Non-formal schools in Kenya play a critical role in expanding access to education among marginalized communities, complementing the government’s Vision 2030 strategy. Part of this strategy included the establishment and operationalization of the National Council on Nomadic Education in Kenya (NACONEK) “in order to promote access, retention and quality education for nomadic communities.” NACONEK has provided approval for the Ongoza training for school leaders and teachers that aligns with the Kenyan Government’s educational goals.
Commenting on this alignment, Deborah Kimathi, Executive Director of Dignitas, said,
“Non-formal schools in Kenya have faced enormous challenges due to the impact of the COVID-19 pandemic. It is critical to get these schools back on their feet – both financially and through developing core competencies in the classroom. By focusing our training on key competencies that are aligned with the Kenyan Government’s Competency Based Curriculum – communication, collaboration, self-efficacy, and critical thinking – the Ongoza program aims to see measurable improvements in the key skills needed to improve learner outcomes, ensuring all children attend vibrant schools where they can thrive and succeed.”
The economic shocks caused by the COVID-19 pandemic have had a tremendous impact on non-formal schools throughout Kenya. According to a survey conducted by the Center for Global Development of four informal settlements in Nairobi, more than 96% of households reported a decrease in income due to the pandemic. Consequently, cost became an increased factor for parents when determining which school to send their children to when schools reopened. This led to a shift in demand from private to public schools, leaving many LCPS at risk of closure and many public classrooms at risk of being overcrowded. With less than a decade remaining to achieve SDG4, it has never been more vital to adopt an ‘all hands on deck’ approach that mobilizes both state and non-state actors to work toward the common goal of equitable access to quality education for all in cooperation with national government education agendas.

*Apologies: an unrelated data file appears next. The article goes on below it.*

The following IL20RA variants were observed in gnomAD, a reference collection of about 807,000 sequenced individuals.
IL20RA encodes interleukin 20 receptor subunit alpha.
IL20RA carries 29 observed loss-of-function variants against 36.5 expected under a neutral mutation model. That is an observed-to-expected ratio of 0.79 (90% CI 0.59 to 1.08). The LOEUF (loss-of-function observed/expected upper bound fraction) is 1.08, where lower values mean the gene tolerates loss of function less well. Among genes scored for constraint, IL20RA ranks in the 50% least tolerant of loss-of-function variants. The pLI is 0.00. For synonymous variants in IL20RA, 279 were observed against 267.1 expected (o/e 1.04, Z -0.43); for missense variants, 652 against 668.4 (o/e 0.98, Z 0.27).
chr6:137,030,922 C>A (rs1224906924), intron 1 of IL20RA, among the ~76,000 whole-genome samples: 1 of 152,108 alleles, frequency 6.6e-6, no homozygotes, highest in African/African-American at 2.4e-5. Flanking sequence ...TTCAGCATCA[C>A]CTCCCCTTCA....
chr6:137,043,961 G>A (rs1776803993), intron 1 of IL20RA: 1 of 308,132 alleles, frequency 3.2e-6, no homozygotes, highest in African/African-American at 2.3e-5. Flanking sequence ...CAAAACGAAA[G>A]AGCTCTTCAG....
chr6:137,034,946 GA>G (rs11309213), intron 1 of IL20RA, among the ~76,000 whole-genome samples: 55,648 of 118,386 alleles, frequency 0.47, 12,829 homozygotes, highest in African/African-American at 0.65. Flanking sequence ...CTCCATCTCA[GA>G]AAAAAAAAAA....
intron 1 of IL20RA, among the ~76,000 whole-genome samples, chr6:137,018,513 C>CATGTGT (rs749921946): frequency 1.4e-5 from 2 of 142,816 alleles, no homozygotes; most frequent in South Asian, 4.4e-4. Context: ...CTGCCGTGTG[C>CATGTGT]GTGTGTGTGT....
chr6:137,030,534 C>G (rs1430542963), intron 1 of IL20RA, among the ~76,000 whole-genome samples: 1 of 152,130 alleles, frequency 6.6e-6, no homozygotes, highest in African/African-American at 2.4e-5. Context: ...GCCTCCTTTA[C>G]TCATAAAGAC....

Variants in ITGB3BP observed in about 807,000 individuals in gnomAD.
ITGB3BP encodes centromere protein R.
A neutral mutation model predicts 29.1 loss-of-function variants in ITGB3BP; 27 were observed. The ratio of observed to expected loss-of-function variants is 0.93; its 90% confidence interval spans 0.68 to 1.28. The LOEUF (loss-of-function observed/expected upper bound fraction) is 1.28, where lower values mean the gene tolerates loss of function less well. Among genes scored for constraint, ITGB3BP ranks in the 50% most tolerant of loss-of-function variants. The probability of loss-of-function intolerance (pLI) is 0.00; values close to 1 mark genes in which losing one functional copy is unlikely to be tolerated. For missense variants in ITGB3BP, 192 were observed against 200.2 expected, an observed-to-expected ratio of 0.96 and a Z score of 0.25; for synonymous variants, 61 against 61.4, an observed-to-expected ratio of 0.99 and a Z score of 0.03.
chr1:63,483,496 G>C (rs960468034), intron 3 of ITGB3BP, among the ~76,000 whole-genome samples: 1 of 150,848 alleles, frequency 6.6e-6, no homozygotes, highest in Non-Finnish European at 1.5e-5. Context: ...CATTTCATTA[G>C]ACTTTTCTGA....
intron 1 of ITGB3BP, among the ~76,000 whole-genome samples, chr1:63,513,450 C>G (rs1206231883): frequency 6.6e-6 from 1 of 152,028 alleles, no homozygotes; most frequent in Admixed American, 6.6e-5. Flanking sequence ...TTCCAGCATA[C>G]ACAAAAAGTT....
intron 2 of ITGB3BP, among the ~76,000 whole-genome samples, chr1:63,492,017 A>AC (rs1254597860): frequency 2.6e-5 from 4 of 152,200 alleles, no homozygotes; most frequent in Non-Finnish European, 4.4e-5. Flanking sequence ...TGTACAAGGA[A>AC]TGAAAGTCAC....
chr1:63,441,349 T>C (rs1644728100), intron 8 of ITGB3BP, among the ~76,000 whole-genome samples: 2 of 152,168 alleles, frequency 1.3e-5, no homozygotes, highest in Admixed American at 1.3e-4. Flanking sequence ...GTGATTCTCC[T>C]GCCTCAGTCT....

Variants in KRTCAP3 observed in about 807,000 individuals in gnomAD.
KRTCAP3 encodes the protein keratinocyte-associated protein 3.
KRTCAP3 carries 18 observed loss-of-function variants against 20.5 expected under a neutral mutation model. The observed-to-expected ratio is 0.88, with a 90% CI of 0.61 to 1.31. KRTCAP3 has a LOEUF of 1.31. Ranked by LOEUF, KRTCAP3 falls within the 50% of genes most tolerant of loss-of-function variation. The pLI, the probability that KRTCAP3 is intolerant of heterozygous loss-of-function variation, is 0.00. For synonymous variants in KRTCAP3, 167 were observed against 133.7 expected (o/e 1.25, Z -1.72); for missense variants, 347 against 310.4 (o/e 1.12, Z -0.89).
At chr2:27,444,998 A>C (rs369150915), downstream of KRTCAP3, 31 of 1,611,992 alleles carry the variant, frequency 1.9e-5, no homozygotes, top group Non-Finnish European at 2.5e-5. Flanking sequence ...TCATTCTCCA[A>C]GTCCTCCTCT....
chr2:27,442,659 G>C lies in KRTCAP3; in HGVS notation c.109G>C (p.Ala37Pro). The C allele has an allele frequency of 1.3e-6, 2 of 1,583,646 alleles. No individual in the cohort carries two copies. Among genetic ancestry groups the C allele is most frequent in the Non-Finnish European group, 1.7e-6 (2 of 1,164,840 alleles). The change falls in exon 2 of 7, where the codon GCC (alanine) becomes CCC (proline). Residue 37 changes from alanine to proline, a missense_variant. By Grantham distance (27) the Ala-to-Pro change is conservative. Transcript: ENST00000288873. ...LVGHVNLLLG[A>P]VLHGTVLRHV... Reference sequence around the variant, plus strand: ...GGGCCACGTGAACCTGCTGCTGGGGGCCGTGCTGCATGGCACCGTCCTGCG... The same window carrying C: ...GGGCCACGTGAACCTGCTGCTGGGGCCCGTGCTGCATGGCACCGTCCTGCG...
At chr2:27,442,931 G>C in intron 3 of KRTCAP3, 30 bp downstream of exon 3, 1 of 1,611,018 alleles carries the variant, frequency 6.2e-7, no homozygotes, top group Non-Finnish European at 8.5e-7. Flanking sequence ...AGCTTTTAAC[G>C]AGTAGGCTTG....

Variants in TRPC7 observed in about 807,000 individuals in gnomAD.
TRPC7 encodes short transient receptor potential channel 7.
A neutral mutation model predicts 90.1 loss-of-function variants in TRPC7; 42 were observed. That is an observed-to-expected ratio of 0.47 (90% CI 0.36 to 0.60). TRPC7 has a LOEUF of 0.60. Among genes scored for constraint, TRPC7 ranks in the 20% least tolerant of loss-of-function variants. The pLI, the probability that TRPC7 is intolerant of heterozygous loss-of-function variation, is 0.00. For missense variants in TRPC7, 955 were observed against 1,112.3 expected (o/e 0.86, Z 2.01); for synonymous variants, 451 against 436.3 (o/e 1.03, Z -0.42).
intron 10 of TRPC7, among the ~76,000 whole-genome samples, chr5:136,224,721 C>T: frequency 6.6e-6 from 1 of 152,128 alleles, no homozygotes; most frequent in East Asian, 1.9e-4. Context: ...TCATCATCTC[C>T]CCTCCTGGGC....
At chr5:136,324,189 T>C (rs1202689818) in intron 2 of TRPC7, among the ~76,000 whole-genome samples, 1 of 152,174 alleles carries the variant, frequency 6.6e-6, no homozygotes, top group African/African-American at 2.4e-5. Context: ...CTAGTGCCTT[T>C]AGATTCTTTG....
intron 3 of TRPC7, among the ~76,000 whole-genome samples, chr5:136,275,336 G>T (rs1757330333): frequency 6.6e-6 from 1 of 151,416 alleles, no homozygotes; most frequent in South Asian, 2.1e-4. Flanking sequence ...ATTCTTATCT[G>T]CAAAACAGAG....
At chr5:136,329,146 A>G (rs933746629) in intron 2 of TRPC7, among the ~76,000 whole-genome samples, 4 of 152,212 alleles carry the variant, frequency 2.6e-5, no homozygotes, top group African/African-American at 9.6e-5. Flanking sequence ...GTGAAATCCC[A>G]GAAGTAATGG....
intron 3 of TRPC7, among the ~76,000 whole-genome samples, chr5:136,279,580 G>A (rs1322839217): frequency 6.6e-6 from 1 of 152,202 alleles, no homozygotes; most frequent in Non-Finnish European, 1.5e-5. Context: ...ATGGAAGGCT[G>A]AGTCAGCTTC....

Speaking about the need for increased financial support across all school settings, Tim Carson, CEO of Premier Credit, said,
“Premier Credit is excited to invest in the Ongoza program and extend our school improvement loans to schools and communities that we have previously not reached. As a microfinance institution dedicated to supporting small businesses in Kenya, we see non-formal schools as incredibly vital parts of their communities. These schools are not only educating the children but also providing jobs for teachers, creating demand for uniforms and school materials, and improving the infrastructure of their buildings to provide a safe space for their classes. We hope this program serves as a call to action that inspires other stakeholders to ensure that their support reaches schools in all settings.”
As highlighted by the most recent UNESCO Global Education Monitoring Report, 350 million children worldwide are educated in the non-state sector, a number that is likely to continue increasing organically in response to the demands of local communities. IDP Foundation firmly believes that when fully integrated into a mixed system of education provision, the Affordable Non-State (ANS) sector can be a tremendous tool in improving both access to quality education and learning outcomes. Coordinating these initiatives to align with government priorities on education allows investment to be even more targeted and effective.
The Ongoza program is just one part of what IDPF hopes will be a global shift that helps the ANS sector to become increasingly recognized and supported by governments as well as private finance and allows all actors from across the educational landscape to focus on improving educational outcomes and achieving SDG4.
IDP Foundation will come together with Dignitas and Premier Credit for a virtual roundtable on Thursday, September 29th, to introduce the program and discuss strategies about how to leverage the shifting educational landscape.